   Accessibility — Be sensitive to the needs of people with
                    disabilities who will be visiting your site. See KORRnet’s Web Tools
                    page ( for sites and tools concerned with
                   Graphics - Colors, placement, uses. Keep in mind that graphics-
                    heavy sites take longer to load and can be harder to update.
                   Interactivity – Are site visitors given an opportunity to contact
                    the organization, give feedback, donate money, volunteer,
                    comment on issues facing the organization?
                   Site Maintenance – Is the site well maintained, or is some
                    information out of date? What impression do you have if a site:
                     Lists data the site says was current in 200l? Provides a phone
                     number or email address that does not work?

                    Image/Experience — What feeling do you get from the sites you
                     like and dislike? What is the impression you get of the
                     organization? Is the organization’s mission compatible with the
                     look, feel and style of the site?

              You might make a list of your favorite sites and grade them on
              each of these elements. This will help you decide what you like and
              don’t like about Web sites — and will also guide your designer, who
              needs to know your preferences.

Your First    Be prepared! Have all of the materials noted above together in
              your folder so that you can talk about them. Be sure to have a copy
Meeting       of all relevant materials – preferably on a diskette -- which your
              designer can take with her.

              You may wish to send or email some of this material to your
              designer in advance so he/she can anticipate some of your needs.

              Exchange Contact Information. Be sure you and your designer
              can reach each other via email, home and office phones, mobile
              phones, etc. Design projects can lose a lot of valuable time because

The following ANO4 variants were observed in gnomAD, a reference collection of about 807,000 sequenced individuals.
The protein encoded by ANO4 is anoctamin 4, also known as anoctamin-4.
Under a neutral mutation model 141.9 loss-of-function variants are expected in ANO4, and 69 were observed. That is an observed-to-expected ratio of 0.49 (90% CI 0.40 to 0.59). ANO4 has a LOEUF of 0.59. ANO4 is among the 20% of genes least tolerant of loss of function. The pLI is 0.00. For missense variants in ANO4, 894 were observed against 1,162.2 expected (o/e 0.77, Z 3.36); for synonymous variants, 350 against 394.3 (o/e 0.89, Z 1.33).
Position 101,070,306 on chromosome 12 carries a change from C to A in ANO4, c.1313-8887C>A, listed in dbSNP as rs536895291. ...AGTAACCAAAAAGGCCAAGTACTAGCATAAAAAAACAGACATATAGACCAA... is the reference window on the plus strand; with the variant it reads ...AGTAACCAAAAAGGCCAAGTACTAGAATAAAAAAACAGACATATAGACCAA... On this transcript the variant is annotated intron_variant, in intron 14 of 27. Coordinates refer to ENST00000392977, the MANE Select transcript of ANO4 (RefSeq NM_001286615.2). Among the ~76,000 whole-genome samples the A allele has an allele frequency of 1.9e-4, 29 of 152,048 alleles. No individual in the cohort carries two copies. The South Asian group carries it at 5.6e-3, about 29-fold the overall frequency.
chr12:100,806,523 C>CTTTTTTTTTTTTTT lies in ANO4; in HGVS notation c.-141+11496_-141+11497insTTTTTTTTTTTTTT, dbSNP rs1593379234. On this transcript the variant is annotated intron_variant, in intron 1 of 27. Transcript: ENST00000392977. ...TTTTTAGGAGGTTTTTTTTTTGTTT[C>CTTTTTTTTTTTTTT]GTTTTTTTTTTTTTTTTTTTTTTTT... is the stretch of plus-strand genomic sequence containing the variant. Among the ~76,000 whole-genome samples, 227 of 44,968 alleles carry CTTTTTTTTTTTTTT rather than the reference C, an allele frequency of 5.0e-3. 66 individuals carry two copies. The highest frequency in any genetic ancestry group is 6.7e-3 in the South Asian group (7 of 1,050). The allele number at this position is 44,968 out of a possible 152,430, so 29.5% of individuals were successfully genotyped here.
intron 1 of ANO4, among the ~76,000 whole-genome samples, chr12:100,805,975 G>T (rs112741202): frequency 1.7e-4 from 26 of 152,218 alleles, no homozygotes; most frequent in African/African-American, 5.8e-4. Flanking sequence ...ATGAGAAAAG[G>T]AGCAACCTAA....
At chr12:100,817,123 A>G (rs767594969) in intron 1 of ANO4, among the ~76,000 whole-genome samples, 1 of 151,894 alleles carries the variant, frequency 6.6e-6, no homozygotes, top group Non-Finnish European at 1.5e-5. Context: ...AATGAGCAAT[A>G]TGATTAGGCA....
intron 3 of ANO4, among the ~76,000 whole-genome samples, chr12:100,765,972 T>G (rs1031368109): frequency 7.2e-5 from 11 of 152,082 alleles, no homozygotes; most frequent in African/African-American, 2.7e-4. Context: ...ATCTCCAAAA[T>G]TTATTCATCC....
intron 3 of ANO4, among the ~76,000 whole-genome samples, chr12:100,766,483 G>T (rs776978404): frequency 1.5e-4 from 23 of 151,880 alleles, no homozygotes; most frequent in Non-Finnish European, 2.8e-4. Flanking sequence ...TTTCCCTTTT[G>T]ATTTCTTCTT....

the key people cannot reach each other — or fail to return
              messages in a timely manner.

              Set a Project Timeline. Exchange dates and deadlines that are
              important to each of you.

              Be aware of the dates a student volunteer’s design work is due for
              class credit. A volunteer from the Web Design Team also has
              limited time. It is your responsibility to work within the designer’s
              schedule, and the designer will do her best to meet your needs. For
              example, be sure your designer knows if you have an important
              meeting at which you need to seek approval for a preliminary
              design or an event at which you wish to debut your site.

Working       Continue to locate assets such as relevant text, images, and the
              like that might be included in the Web site. But do this early on!
Through       Late submissions make life difficult for a designer.
the Project
              Answer your designer’s questions as quickly as you can.
            Preview sample pages and other design ideas proposed by the
            designer, and comment on them as soon as you can. A quick turn-
            around is extremely important in aiding the designer to meet your
            needs and her own schedule. You and your designer will achieve
            the best design if you communicate what you like and don’t like,
            and if your designer communicates what works in site design and
            what doesn’t.

Finishing   Think about schedules. As you set your final meeting and
            prepare to wrap up the project, be sensitive to the deadlines and
Up          class or work schedules of your designer.

            Prepare for transition. Your designer will want to turn the project
            over to you and will likely want to schedule a workshop or meeting
            to show you the completed project.

            Be sure that the person who will be responsible for maintaining the
            site attends that meeting and has adequate time to learn what he
            needs to learn to update site information from time to time.

            Get the recognition you deserve. Be sure to post a message to
   and let us know that your site is up and
            running. We will want to list your site on our ―Featured Web sites‖

            Also, be sure to post your site in KORRnet’s ―Community Links‖
            menu system by filling out the ―Add or Modify a Link‖ form. You can
            locate the link to this form under ―Site Utilities‖ on the KORRnet

            Finally, please make sure your designer has placed a link back to
            KORRnet at the bottom of your home page. See ―Link to KORRnet‖
            on the KORRnet site. This is a requirement for KORRnet hosted

            Learn How to Update Your Site – KORRnet can provide you free
            programs to download, edit and upload your pages. At all times, it
            is important that you keep back-ups of your current pages and
            graphics. Backups, along with currently unused graphics and
            pictures that you may use again, should be stored on your own
            computer so you won’t exceed your allotted 10-megabyte limit on
            the KORRnet server.
Conclusion   If you have suggestions for improving this manual, please email us

             KORRnet's web-hosting services are made possible by the non-
             profit organizations who join KORRnet as 'Hosted' or 'HostedPLUS'
             members. See for more

             KORRnet's services to the community are enabled by the support of
             Knox County and the University of Tennessee.

             See ―Partners and Sponsors‖ on our Web site for a complete list of
             page sponsors, in-kind donors, and other supporters.